The mobile threat landscape is constantly evolving, with bad actors increasingly targeting our most-used devices with scams and malware.
While Android users are indisputably more exposed to cyber threats, iOS over the years hasn’t quite proven to be a safe haven either. In fact, one could argue that threats tailored to the Apple ecosystem are better suited to their goals.
Some attacks on iOS devices are highly-targeted and use million-dollar exploits amid geopolitical qualms. Others take advantage of inherent weaknesses in the implementation of old technologies, like SMS. Whichever the case, attackers have avenues aplenty to target the Apple install base. If you’re an iPhone user, here are some of the key threats to look out for in 2024.
As noted in previous articles on Hotforsecurity, the Short Messaging Service (SMS) still in use five decades after inception has many security drawbacks – chief among them: it’s a primary attack vector for scammers. This is because many people still use it as a primary texting hub, while companies rely on this channel to communicate with clients, from delivery notifications to multi-factor codes. Attackers impersonate companies to:
· steal user credentials for account takeovers
· intercept one-time authentication codes to access financial accounts or to drain crypto wallets
· send unsuspecting recipients to phishing websites
· get victims to click on tainted links to install malware
… and the list goes on.
Apple has implemented a extra defenses in recent software updates to combat the growing threat of scams arriving via SMS / iMessage. But users must still be vigilant and treat every suspicious or unsolicited communication as a potential threat. For more peace of mind, iPhone users should consider deploying a dedicated security solution like Bitdefender Mobile Security. The app comes equipped with a powerful new Scam Alert feature which automatically scans your incoming texts and calendar invites for scams and malicious links.
One of the most prolific threats targeting iOS devices in recent years has been and continues to be commercial / mercenary spyware. It’s a growing hazard for iPhone-wielding journalists, activists, and high-profile political figures – a fact acknowledged by governments worldwide and Apple alike.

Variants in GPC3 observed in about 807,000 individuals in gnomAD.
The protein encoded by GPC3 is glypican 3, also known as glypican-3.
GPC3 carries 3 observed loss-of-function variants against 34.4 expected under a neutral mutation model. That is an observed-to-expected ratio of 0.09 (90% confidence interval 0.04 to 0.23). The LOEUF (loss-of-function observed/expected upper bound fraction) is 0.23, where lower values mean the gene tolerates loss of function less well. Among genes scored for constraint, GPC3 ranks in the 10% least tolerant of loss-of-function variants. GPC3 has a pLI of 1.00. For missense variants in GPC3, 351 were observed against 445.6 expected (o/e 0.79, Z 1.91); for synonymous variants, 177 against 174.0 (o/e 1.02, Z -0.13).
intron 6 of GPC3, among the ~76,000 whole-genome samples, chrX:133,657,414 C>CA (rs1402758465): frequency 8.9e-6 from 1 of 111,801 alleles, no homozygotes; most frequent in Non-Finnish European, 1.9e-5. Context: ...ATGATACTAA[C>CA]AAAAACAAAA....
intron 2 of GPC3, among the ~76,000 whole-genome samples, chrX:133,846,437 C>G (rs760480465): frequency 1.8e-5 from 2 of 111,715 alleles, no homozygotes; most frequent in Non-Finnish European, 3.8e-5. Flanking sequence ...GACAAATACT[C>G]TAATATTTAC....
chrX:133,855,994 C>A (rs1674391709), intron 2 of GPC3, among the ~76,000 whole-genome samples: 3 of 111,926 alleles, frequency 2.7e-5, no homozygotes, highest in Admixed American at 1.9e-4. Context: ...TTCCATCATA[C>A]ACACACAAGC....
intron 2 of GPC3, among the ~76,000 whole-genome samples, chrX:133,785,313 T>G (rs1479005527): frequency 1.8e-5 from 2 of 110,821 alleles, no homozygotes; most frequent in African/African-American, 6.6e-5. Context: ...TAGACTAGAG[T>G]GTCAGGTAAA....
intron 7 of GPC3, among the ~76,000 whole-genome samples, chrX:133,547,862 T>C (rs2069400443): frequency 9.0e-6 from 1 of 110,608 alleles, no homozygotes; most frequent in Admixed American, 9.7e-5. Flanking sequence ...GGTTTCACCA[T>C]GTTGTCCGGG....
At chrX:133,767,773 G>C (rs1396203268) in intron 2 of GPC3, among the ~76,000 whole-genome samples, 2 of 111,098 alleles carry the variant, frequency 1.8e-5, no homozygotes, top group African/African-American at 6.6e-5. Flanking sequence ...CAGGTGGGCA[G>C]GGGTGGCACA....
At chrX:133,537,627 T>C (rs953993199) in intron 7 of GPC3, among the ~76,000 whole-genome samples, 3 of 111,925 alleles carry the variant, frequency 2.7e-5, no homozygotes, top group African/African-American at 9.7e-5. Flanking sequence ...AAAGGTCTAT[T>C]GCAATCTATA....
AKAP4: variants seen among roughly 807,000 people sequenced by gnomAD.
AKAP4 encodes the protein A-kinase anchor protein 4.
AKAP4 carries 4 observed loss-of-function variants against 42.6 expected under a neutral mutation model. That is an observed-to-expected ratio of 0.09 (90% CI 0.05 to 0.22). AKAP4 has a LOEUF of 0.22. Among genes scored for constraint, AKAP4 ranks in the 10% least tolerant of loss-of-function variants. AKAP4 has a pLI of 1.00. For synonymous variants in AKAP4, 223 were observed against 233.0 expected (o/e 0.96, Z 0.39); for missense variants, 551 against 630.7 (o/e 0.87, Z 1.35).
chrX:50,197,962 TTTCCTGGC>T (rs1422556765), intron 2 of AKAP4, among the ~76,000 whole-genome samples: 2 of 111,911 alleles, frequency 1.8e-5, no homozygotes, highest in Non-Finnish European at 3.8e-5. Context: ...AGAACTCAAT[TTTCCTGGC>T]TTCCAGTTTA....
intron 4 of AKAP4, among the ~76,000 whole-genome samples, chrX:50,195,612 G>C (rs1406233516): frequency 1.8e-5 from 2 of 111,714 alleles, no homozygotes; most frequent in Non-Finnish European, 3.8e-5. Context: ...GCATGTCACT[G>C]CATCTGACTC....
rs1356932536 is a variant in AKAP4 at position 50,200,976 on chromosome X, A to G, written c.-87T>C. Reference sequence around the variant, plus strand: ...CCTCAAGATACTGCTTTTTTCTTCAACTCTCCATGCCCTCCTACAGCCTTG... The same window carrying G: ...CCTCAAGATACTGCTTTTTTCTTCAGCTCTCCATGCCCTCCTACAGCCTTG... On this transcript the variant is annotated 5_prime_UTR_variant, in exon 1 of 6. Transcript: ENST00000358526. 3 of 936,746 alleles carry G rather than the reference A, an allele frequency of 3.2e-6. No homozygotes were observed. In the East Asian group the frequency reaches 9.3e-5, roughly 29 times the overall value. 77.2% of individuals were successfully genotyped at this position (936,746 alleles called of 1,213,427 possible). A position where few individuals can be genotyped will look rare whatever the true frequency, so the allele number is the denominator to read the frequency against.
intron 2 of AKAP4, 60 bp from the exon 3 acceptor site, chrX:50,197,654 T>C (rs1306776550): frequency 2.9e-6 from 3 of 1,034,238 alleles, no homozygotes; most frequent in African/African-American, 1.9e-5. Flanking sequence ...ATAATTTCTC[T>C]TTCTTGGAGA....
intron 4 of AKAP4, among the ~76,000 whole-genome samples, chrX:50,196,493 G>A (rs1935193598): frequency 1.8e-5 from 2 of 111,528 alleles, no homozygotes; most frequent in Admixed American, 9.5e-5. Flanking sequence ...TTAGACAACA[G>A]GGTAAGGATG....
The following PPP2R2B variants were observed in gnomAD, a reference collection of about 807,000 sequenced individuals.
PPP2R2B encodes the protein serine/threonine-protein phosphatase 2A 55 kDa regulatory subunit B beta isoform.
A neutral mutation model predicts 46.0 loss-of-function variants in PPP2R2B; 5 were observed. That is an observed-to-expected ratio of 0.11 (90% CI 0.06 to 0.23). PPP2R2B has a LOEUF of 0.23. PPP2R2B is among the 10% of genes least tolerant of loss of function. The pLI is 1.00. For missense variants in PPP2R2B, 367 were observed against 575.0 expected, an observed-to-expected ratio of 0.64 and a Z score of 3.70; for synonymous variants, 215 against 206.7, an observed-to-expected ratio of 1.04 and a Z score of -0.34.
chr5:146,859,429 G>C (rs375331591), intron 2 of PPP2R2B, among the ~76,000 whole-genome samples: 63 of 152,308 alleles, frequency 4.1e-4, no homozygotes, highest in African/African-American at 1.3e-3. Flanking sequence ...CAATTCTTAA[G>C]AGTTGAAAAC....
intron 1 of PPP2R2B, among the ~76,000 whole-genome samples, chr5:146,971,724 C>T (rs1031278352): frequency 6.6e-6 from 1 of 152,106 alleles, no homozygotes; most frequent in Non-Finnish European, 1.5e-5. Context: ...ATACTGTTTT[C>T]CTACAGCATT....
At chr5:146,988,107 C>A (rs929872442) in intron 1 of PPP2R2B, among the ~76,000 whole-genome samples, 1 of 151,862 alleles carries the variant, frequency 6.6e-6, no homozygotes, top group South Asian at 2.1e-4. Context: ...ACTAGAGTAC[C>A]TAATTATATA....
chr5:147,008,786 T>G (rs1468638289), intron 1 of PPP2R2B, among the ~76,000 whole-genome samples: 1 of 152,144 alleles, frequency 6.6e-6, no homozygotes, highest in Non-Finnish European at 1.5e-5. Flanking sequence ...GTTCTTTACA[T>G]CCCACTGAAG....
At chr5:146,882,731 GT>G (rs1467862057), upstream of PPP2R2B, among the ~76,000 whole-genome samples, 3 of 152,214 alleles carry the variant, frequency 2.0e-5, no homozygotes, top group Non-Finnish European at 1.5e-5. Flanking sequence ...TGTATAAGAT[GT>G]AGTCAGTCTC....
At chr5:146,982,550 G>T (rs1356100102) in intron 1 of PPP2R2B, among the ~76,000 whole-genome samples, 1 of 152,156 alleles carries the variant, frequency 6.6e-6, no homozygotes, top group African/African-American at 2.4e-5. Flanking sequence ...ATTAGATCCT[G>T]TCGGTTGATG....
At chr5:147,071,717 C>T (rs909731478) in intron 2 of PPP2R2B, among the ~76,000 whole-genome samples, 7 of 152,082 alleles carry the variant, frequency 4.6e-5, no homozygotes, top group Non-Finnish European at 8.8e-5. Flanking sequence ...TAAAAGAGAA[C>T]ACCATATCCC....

Mercenary spyware, typically funded and developed by state-sponsored actors, exploits software weaknesses yet-undiscovered by Apple or white-hat researchers. Working exploits for these flaws sell for millions and are used in geopolitical disputes and wars to obtain sensitive or classified information.
In a never-ending cat-and-mouse game, Apple over the years has issued periodic security updates to address the vulnerabilities exploited by spyware actors on an ongoing basis. Making matters worse, many attacks require no action on the victim’s end, in what is known as a zero-click attack. This means targeted spyware attacks typically go unnoticed until it’s too late. iPhone owners who feel they may have a target on their back should always make security updates a priority. High-profile figures should also keep the Lockdown Mode toggle at arm’s reach whenever the situation calls for it.
Two-factor authentication (2FA) has become imperative in today’s digital world, as criminals have learned to compromise almost any password. And while SMS-based 2FA is better than no 2FA at all, authenticator apps provide even stronger safeguards. However, even 2FA apps come of a hefty dose of risk.
At the start of the year, Elon Musk’s X (formerly Twitter) announced it was changing its approach to two-factor authentication, prompting non-blue users to abandon SMS-based 2FA and adopt an authenticator app instead.
The move incentivized dodgy developers to flood the app stores with 2FA apps deceptively designed to get users to pay hefty sums for features otherwise offered free of charge by legitimate developers. Bitdefender offers a comprehensive guide to spot the warning signs.
This method is used across many other apps and services, not just authenticator apps. As a rule of thumb, only use apps and services from trusted vendors. Compare different offerings from different developers, so you can better determine whether or not you need to pay for a service.
Common (mobile) threats
In addition to these key attack avenues typically used to infect iOS devices, there are also plenty more common threats faced by mobile users in general, including:
Social engineering (phishing at large) – iPhone owners, like most other mobile users, are on the receiving end of malicious emails, messages, or fake websites designed to trick them into revealing sensitive information, such as passwords or credit card details.
Malicious apps – Malicious apps, often disguised as legitimate ones, are designed to compromise user data or even introduce malware to the device if the user sideloaded the app after jailbreaking their iPhone.
Public Wi-Fi – Connecting to unsecured or compromised Wi-Fi networks can expose iPhone users various threats, including eavesdropping and man-in-the-middle attacks.
iCloud compromise – Weak passwords or falling victim to phishing attacks can compromise your iCloud account, exposing personal, sensitive data, including your photos if you chose to have them stored in iCloud.
Location tracking and privacy – Some apps may misuse location data, posing privacy risks, so you should always be cautious about granting unnecessary permissions to apps.
As an iPhone user, you can step into a safer 2024 with these tips in mind. Be cautious that the mobile threat landscape is constantly evolving, meaning it’s a good idea to stay abreast of the latest developments in cybersecurity and the best practices thereof. As always, consider using a dedicated security solution on all your devices, to fend off the wide array of threats targeting regular netizens everywhere.